Going to court can seem like a minefield to many – when to stand, when to sit and when to bow, how to speak to the magistrate or judge, where to speak from, what to call them, what to say – the list goes on.
Adding to the confusion is legal jargon used by prosecutors, defence lawyers and whoever that person is that decides the case.
While plain English is often the best approach, it can help those who are going to court to know some of the most common terms used inside courts like the Downing Centre.
Here are some of the top ones, so you can look like a pro – or at least understand what everyone is going on about.
This is the list of cases that will be heard in court on any particular day.
The Downing Centre Local court list is printed and posted on Level 4, and contains all the matters that will be heard, along with the courtroom they will be heard in.
The District Court lists are also printed and posted daily.
1. ‘Standing a matter in the list’
This is a handy thing to do if you can’t have your matter heard straight away – because you are waiting for a witness, a document, or maybe even your lawyer!
Asking for a matter to be “stood” or “held” in the list means that you would like your case heard later in the day.
Prosecutors, criminal defence lawyers and unrepresented defendants can all request that the case stands a matter in the list.
2. Magistrate, judge or registrar?
Many people use the terms interchangeably, or use the term ‘judge’ to refer to all judicial officers of any court.
The difference is simple: in the local court, the judicial officer is a magistrate, and in the district court, the judicial officer is a judge.
Sometimes, the person in court will be neither a magistrate nor judge, but someone called a ‘registrar’ – who sorts out cases, decides upon adjournment applications, and undertakes other administrative duties in order to take some of the pressure off magistrates or judges.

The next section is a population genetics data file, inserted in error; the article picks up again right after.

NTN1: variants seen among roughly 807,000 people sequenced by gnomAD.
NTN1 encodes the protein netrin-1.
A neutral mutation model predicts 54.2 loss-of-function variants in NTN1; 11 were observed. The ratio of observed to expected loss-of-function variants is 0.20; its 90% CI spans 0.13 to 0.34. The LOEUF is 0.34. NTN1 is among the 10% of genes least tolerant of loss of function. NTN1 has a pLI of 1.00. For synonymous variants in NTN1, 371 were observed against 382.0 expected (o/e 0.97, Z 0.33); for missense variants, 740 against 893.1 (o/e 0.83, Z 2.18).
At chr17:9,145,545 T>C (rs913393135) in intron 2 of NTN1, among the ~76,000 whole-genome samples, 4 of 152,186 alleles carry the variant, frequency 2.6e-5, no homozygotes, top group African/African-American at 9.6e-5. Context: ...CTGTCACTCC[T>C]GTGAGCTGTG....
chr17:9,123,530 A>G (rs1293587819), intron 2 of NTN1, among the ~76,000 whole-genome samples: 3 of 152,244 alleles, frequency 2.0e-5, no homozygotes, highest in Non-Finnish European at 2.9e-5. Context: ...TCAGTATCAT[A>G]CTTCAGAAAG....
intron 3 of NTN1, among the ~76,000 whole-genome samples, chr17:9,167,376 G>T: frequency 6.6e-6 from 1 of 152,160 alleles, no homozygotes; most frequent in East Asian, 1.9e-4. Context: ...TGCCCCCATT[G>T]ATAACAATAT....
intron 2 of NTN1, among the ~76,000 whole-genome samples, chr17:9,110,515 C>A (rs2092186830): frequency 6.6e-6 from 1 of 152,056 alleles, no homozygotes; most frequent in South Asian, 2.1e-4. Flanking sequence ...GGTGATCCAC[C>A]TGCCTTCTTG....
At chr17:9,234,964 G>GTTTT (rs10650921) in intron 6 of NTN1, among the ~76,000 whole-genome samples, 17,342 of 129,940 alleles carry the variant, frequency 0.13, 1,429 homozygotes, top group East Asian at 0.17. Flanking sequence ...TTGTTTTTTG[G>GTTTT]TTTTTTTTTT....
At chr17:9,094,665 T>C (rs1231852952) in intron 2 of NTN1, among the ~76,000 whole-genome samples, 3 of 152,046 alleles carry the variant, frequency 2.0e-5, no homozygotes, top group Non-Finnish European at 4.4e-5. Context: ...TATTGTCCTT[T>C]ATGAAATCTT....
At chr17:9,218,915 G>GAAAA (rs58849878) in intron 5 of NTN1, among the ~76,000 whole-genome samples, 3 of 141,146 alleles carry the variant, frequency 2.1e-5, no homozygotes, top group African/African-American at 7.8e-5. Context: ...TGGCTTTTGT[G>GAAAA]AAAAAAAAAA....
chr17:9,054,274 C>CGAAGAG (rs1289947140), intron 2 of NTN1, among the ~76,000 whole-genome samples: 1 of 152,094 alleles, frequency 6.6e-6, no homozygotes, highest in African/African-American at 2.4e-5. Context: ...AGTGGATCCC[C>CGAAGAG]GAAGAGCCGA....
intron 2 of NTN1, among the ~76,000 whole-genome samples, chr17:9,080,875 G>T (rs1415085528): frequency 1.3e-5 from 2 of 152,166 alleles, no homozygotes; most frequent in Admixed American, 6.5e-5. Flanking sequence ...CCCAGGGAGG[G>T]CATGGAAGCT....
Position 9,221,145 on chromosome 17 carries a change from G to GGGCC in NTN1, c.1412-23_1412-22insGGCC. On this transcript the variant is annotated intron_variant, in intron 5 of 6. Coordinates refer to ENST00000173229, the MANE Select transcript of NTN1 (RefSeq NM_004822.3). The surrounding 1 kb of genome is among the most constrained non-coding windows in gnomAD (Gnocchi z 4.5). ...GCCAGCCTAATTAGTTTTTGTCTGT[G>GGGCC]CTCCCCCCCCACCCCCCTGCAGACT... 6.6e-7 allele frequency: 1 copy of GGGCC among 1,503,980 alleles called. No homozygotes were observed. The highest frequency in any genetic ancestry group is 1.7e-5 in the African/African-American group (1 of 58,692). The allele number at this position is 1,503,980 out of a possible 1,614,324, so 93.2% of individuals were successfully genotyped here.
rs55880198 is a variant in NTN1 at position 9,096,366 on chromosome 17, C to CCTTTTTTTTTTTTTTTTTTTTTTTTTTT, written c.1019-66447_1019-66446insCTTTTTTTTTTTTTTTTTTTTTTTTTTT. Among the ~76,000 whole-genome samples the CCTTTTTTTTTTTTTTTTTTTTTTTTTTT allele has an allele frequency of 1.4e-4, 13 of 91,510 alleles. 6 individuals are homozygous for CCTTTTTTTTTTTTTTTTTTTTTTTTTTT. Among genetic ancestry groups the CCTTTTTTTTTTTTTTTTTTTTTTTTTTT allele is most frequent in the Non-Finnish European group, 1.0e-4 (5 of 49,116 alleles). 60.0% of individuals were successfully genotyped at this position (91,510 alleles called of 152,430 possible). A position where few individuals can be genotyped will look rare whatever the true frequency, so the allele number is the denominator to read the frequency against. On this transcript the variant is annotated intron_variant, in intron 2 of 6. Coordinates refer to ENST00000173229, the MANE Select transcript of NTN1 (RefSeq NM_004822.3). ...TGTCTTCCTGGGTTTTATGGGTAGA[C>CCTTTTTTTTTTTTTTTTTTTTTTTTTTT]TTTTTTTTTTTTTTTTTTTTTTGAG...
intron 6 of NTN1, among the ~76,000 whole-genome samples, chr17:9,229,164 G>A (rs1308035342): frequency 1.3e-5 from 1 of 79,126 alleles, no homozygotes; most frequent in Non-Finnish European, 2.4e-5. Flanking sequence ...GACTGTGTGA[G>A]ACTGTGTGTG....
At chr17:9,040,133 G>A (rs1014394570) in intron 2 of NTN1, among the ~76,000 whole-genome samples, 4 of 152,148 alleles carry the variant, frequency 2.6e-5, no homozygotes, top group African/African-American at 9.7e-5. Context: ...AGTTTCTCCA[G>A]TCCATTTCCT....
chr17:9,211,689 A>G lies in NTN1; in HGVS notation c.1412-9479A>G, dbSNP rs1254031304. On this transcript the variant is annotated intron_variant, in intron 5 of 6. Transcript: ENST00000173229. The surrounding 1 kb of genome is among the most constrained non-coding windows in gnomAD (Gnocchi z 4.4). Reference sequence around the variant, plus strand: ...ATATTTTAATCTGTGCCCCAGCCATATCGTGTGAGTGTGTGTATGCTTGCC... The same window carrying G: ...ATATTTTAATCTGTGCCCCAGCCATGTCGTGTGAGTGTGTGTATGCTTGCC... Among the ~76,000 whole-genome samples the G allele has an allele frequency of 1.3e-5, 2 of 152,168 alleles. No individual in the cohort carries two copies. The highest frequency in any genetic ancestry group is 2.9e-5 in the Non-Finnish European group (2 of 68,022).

When speaking to a Magistrate or Judge, you should address them as “Your Honour”, and a Registrar should simply be address as “Registrar”.
In Downing Centre Local Court, the Registrar sits in courtroom 4.4 – which is often where your matter will be listed on the first court date.
3. ‘My friend’
If you hear a lawyer and a prosecutor referring to each other as “my friend” at the bar table, this doesn’t mean that they are golfing buddies on the weekend.
Rather, this is a term used by all lawyers and prosecutors when they refer to one another. The tradition originated from a time when there were few lawyers who would indeed all know each other.
This is when the court proceedings are postponed until a later date.
An adjournment application can be made by either the defence or prosecution for a range of reasons – to receive legal advice, to await the service of materials, to obtain a medical report, to complete counselling or a program like the Traffic Offender Program or Magistrates Early Referral into Treatment program (‘MERIT’), to prepare for a sentencing hearing, and so on.